The Oxford English Dictionary defines the adjective use of the word “deliberate” as:
1 Done consciously and intentionally: ‘a deliberate attempt to provoke conflict’
2 Careful and unhurried: ‘a conscientious and deliberate worker’
2.1 Fully considered; not impulsive: ‘a deliberate decision’
In common usage today, the word is most often associated with actions that are intentional, thus done “on purpose”, and as a specific reference to slow and possibly painstaking progress in the interest of either getting something right, or attaining a desired goal: “His progress was slow and deliberate.”
While this may be accurate as far as it goes, I will invoke my CP (Curmudgeonly Prerogative), openly declare it far too limiting for my taste, and proceed to convince you, Dear Reader, that you should find it likewise. At least those among you who wish to be realistically considered a True Student of anything.
To begin, let us abandon the “inside the box” oversimplification of “deliberate” as meaning “on purpose” in favour of the more accurately superior “WITH purpose”. This takes the utterance out of the infantile realm of the child who rubs his reddened cheek crying out at he who slapped him the tearful accusation, “You did that on purpose!!!” and into that of one who, having tired of simple flirtation for flirtation’s sake, may choose to push the object of his desire against a wall, kiss her long and soundly, compelling her to utter her own breathless accusation at the end of it – “Sir! You did that with purpose!”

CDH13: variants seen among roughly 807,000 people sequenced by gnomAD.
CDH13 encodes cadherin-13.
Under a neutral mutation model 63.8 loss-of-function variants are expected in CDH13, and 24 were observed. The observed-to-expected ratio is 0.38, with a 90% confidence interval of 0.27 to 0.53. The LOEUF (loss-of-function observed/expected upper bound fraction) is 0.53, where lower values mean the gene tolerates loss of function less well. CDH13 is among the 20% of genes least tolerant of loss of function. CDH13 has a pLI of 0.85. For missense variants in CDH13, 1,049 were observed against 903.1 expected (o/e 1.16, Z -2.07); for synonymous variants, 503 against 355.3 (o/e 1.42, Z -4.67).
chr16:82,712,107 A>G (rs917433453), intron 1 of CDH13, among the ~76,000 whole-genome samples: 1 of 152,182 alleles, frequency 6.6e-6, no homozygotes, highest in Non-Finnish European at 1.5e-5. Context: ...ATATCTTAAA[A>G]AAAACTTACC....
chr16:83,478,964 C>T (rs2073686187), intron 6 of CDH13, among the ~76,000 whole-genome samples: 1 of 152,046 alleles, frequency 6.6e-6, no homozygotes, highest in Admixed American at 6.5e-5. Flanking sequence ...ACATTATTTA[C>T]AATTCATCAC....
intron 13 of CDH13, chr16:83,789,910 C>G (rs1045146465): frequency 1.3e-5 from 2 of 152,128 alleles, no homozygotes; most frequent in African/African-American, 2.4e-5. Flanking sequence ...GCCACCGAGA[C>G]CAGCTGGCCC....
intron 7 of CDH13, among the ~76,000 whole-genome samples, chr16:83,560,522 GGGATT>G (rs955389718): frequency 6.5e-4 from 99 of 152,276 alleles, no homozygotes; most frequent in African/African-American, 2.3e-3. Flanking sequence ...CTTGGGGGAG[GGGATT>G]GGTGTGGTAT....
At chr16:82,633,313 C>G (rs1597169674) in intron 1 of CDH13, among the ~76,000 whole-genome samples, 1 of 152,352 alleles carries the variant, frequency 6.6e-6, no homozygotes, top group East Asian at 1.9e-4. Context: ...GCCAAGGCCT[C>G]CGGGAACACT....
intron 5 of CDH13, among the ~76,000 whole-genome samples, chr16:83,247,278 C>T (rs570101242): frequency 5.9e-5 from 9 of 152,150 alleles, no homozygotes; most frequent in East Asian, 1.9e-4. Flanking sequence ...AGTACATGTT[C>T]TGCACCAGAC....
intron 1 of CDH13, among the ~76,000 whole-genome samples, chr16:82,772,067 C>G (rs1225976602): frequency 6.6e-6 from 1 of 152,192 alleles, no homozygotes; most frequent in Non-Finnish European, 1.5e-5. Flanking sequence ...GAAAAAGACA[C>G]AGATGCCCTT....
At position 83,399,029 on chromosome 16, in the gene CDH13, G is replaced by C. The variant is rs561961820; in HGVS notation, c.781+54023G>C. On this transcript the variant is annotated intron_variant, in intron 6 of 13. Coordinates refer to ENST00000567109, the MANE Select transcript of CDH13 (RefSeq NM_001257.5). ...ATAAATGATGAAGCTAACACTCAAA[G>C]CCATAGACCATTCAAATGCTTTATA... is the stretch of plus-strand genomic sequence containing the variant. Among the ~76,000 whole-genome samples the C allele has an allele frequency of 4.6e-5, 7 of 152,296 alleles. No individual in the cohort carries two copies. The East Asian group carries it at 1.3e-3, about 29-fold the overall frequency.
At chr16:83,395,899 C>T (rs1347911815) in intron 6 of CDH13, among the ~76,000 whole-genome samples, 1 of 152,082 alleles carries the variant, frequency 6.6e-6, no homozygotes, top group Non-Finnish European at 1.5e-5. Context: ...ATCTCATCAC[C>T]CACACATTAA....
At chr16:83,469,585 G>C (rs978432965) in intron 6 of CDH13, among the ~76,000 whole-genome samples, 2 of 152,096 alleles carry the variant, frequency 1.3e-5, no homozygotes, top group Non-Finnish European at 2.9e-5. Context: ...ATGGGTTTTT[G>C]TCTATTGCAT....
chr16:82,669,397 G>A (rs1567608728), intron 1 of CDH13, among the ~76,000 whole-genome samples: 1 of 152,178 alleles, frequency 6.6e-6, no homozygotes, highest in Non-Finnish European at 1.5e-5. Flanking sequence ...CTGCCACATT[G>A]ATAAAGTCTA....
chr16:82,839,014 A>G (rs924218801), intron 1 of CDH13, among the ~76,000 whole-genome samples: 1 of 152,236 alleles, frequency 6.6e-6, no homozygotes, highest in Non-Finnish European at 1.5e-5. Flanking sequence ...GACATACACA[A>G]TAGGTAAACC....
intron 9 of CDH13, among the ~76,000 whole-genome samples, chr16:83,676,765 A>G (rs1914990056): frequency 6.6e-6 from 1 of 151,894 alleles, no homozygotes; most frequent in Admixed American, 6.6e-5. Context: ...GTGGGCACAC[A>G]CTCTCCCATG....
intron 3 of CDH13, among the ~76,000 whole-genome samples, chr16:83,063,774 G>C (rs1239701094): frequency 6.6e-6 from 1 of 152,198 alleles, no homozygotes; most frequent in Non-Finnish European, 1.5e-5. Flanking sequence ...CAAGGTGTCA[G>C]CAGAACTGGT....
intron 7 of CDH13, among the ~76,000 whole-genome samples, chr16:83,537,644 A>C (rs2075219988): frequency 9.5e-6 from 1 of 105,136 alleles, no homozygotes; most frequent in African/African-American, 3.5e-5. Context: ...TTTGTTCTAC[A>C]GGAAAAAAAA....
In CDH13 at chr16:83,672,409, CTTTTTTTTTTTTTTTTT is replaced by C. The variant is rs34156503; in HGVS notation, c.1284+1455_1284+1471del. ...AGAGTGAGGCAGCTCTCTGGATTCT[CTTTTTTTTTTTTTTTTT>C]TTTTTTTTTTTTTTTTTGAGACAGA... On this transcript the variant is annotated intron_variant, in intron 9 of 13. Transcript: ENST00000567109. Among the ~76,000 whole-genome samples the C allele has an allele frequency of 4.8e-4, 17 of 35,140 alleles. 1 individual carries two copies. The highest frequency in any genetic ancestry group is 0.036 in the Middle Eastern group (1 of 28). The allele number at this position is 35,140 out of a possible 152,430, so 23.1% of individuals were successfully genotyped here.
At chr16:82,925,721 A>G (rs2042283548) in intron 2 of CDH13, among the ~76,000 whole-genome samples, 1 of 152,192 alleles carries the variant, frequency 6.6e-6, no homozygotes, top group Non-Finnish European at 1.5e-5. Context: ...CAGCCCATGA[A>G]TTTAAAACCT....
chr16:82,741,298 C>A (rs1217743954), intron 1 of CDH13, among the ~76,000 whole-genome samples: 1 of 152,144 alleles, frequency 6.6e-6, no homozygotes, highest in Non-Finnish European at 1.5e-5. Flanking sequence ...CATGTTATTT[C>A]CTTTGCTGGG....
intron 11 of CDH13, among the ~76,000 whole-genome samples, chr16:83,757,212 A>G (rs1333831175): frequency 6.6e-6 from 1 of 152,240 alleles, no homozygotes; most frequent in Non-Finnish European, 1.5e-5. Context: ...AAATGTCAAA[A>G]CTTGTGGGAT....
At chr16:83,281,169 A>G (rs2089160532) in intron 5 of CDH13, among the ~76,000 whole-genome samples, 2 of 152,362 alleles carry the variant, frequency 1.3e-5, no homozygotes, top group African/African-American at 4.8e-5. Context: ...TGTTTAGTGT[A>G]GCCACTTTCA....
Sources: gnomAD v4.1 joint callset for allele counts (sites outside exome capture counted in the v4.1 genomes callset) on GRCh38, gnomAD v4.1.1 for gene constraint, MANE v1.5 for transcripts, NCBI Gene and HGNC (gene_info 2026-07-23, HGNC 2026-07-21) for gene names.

So, to clarify, in the first instance we have the slapper accused by the slappee of something he may still choose to deny, and who in fact may have calculated his attack specifically to offer that deniability. Our Man in the second instance is a completely different animal, for he launched his enterprise with the absolute intention of owning all responsibility, free of any doubt or possible deniability, and in equally absolute willingness to weather all possible outcomes. I invite you to consider this carefully, for what may at first have seemed a trivial distinction becomes, in application, anything but.
The next matter to attend to is the unfortunate association of the word “deliberate” with a slow, even plodding, pace of progress. Wyatt Earp, who died in 1929 at the age of 80 in spite of best efforts on his own part and that of a few others, understood the folly in this, and encapsulated his demonstrably sound grasp in answer to having his remarkable success as a gun fighter characterized as a matter of speed:
“Fast is fine, but accuracy is everything. In a gun fight… You need to take your time in a hurry.” ~ Wyatt Earp
All this being said, and keeping my CP in mind, let us revisit the Oxford definition we started with:
1 Done consciously and intentionally: As our decisive Lover above demonstrated, know your goal and the path leading to it. Remember, decisiveness and absolute commitment to the enterprise is not to be equated with taking a leap from a cliff where your only chance for success lies in hoping to land on the soft rocks. Rather, it’s more accurately the launching of your canoe into the sometimes turbulent waters of a river that flows toward your destination, offering the opportunity to steer clear of obstacles or portage around them, to haul out and consider options, to boldly run the rapids, and even to drown en voyage should the Gods decree though the goal be worth the risk.
2 Careful and unhurried: In this, I invite you to revisit the words of Wyatt Earp. “Careful” is not the same as shunning risk, nor is “unhurried” the same as slow.
2.1 Fully considered; not impulsive: Deliberateness must, of necessity, contain the crucial ingredient of preparedness. Readiness in mind, body, and spirit to meet whatever may be the matter at hand so that, even faced with a surprise, we are not caught flat footed and have options at hand. “Fully considered” then, is not the same as “overthought”, and “impulsive” must never be confused with boldness of action.
I will leave you these thoughts to weigh against your own wins, losses, and goals until next time when we take the next step in this line of thought.